Sep 18, 2018

iPhone Xs reviews are in — and tepid

The iPhone Xs and Xs Max are more water-resistant than prior models. Photo: Apple

The first iPhone Xs and Xs Max reviews are in —and while there's a consensus that the Max's big is truly beautiful, there's also a raft of critics saying you might want to wait for the more humanly priced iPhone Xr next month.

Why it matters: The iPhone is Apple's most important product and the iPhone X has been its best seller. The new phones are modest updates, with the big-screen Max option being the most visible difference, along with a faster processor and new camera tricks.

What they're saying:

  • The Wall Street Journal's Joanna Stern: "The Max just feels like a blown-up iPhone, when it could be a new sort of computer" and "One-handed use is a struggle at times with smaller hands, especially typing."
  • The Verge's Nilay Patel: "[The Max has] a gigantic, beautiful screen, and I have enjoyed looking at it a lot," but "the Pixel 2 still has a better camera than the iPhone Xs."
  • Wired's Lauren Goode: "This year’s phones don’t spark strong feelings — except maybe chagrin that they cost so much."
  • The New York Times' Brian X. Chen: "By eliminating the bezels, which are the screen’s borders, Apple did a terrific job of increasing screen size without adding bulk or compromising the usability of the Xs Max. I still think the smaller XS is a better fit for most people."
  • BuzzFeed's John Paczkowski: "Apple has certainly improved the iPhone with the Xs and the Xs Max... But, crucially, it hasn't improved my experience of the iPhone."

Go deeper: Here's our hands-on first look at the iPhone Xs and Xs Max. We'll have our full review in the coming days.

Early sales: Loup Ventures' Gene Munster measured the earliest pre-order data and found significantly shorter lead times for the iPhone Xs and iPhone Xs Max than for last year's iPhone X. However, given that the iPhone X was a big leap forward, that's not terribly surprising.

Go deeper

Trump announces 30-day extension of coronavirus guidelines

President Trump announced on Sunday that his administration will extend its "15 Days to Slow the Spread" guidelines until April 30 in an effort to stop the spread of coronavirus, which has now infected more than 130,000 Americans and killed nearly 2,500.

Why it matters: Top advisers to the president have been seeking to steer him away from Easter as an arbitrary deadline for the U.S. to open parts of its economy, amid warnings from health officials that loosening restrictions could cause the number of coronavirus cases to skyrocket.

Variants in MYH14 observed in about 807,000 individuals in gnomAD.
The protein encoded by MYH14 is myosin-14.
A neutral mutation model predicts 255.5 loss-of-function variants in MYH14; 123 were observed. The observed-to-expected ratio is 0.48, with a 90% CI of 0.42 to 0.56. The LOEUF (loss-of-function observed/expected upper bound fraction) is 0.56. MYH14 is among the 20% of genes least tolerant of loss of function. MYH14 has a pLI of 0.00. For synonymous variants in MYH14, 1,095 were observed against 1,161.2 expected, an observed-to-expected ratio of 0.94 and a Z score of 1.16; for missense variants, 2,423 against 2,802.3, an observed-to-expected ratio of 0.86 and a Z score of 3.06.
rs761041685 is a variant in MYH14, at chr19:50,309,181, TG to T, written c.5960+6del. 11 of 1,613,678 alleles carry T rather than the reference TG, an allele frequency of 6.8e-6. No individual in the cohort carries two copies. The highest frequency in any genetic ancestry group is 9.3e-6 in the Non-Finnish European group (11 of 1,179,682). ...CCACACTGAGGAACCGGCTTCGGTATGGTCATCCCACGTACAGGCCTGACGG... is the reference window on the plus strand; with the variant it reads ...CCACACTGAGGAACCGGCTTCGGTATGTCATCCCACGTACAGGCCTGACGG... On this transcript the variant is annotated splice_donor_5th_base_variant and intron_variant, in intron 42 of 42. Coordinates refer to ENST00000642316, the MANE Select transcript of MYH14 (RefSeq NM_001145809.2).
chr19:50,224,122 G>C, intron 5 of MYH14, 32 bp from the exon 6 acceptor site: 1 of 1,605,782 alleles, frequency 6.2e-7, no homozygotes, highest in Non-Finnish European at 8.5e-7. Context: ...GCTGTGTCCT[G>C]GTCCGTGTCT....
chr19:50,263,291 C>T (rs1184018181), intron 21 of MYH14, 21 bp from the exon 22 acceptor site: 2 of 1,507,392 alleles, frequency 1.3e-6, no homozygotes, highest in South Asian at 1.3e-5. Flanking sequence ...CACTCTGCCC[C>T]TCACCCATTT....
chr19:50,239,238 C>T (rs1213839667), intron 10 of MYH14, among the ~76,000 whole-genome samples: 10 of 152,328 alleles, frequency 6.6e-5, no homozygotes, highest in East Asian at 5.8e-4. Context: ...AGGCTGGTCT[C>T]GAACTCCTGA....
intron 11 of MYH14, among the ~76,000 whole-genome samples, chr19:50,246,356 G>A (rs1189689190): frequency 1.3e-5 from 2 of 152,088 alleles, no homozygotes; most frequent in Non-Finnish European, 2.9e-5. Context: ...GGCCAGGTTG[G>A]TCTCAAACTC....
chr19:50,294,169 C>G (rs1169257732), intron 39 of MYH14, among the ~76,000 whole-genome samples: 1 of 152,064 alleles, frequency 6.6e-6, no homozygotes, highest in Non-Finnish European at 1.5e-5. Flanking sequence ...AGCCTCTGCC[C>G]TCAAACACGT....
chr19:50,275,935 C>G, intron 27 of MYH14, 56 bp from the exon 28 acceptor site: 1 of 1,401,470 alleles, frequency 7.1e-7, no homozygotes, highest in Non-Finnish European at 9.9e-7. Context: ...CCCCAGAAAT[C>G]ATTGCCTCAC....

Go deeperArrow29 mins ago - Health

Coronavirus dashboard

Illustration: Sarah Grillo/Axios

  1. Global: Total confirmed cases as of 5 p.m. ET: 716,101 — Total deaths: 33,854 — Total recoveries: 148,900.
  2. U.S.: Leads the world in cases. Total confirmed cases as of 5 p.m. ET: 136,880 — Total deaths: 2,409 — Total recoveries: 2,612.
  3. Federal government latest: The first federal prisoner to die from coronavirus was reported from a correctional facility in Louisiana on Sunday.
  4. Public health updates: Fauci says 100,000 to 200,000 Americans could die from virus.
  5. State updates: Louisiana governor says state is on track to exceed ventilator capacity by end of this week — Cuomo says Trump's mandatory quarantine comments "panicked" some people into fleeing New York
  6. World updates: Italy on Sunday reports 756 new deaths, bringing its total 10,779. Spain reports almost 840 dead, another new daily record that bring its total to over 6,500.
  7. What should I do? Answers about the virus from Axios expertsWhat to know about social distancingQ&A: Minimizing your coronavirus risk
  8. Other resources: CDC on how to avoid the virus, what to do if you get it.

Subscribe to Mike Allen's Axios AM to follow our coronavirus coverage each morning from your inbox.

Trump touts press briefing "ratings" as U.S. coronavirus case surge

Photo: Drew Angerer/Getty Images

President Trump sent about a half-dozen tweets on Sunday touting the high television ratings that his coronavirus press briefings have received, selectively citing a New York Times article that compared them to "The Bachelor" and "Monday Night Football."

Why it matters: The president has been holding daily press briefings in the weeks since the coronavirus pandemic was declared, but news outlets have struggled with how to cover them live — as Trump has repeatedly been found to spread misinformation and contradict public health officials.